Patient participation groups in general practice: what are they for, where are they going?BMJ 2016; 352 doi: https://doi.org/10.1136/bmj.i673 (Published 18 February 2016) Cite this as: BMJ 2016;352:i673
- Stephen Gillam, senior visiting fellow1,
- Jennifer Newbould, research leader 2
- 1Department of Public Health and Primary Care, Institute of Public Health, University of Cambridge, Cambridge, UK
- 2RAND Europe, Cambridge, UK
- Correspondence to: Stephen Gillam
- Accepted 29 December 2015
Patient participation groups began to emerge nearly 40 years ago and are well established in many general practices.1 The Care Quality Commission highlights their importance in ensuring that services are responsive to patients’ needs.2 Growth of patient participation groups expanded sharply in 2011 when an optional clause in the GP contract provided financial incentives for practices to set up “patient reference groups.”3 The clause stipulated that practices should gain feedback from their practice population, collate patient views by means of surveys, agree action plans, and publicise any resulting actions and achievements.3 Patient reference groups can be “virtual,” collating the views of patients online. The two terms, patient reference group and patient participation group, are often conflated.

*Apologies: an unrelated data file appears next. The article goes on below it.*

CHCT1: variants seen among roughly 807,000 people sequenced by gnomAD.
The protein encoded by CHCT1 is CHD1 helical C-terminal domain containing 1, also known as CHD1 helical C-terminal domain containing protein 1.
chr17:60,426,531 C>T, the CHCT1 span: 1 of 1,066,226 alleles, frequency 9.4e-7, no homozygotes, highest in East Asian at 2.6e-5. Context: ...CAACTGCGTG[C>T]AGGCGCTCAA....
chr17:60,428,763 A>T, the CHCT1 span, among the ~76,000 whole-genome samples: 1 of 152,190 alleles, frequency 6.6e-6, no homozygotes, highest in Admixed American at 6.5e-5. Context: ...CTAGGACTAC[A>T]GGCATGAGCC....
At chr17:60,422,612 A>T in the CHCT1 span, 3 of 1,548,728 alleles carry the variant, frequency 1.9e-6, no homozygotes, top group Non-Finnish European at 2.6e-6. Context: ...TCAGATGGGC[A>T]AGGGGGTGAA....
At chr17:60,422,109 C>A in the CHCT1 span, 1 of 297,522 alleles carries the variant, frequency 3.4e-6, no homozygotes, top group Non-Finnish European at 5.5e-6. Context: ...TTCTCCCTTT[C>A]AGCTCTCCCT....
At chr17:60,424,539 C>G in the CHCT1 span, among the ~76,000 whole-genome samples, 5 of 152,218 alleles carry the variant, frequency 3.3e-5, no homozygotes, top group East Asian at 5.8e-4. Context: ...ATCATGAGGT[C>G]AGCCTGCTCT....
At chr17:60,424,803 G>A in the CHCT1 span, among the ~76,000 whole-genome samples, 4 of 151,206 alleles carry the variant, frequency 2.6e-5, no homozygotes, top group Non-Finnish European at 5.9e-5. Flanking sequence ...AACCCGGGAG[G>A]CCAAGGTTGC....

At least two thirds of all practices in England have a patient participation group.4 Membership of the National Association for Patient Participation (an umbrella organisation which supports patient led groups in general practice) roughly trebled to over 1000 groups after 2011, and the association says that many practices were ill prepared. Practices were paid on a sliding scale related to population size for establishing a group. We estimate that payments totalled £80m (€100m; $116m) in the first two years of the scheme’s operation, but they have now been incorporated into the global sum for practice funding.
There remains uncertainty about what the money spent on patient participation groups has achieved. The Department of Health has provided no evidence of gains from this investment and there has been little research into their activities. Our literature search in PubMed retrieved only 35 relevant citations. Most of the articles were descriptive—for example, providing guidance …
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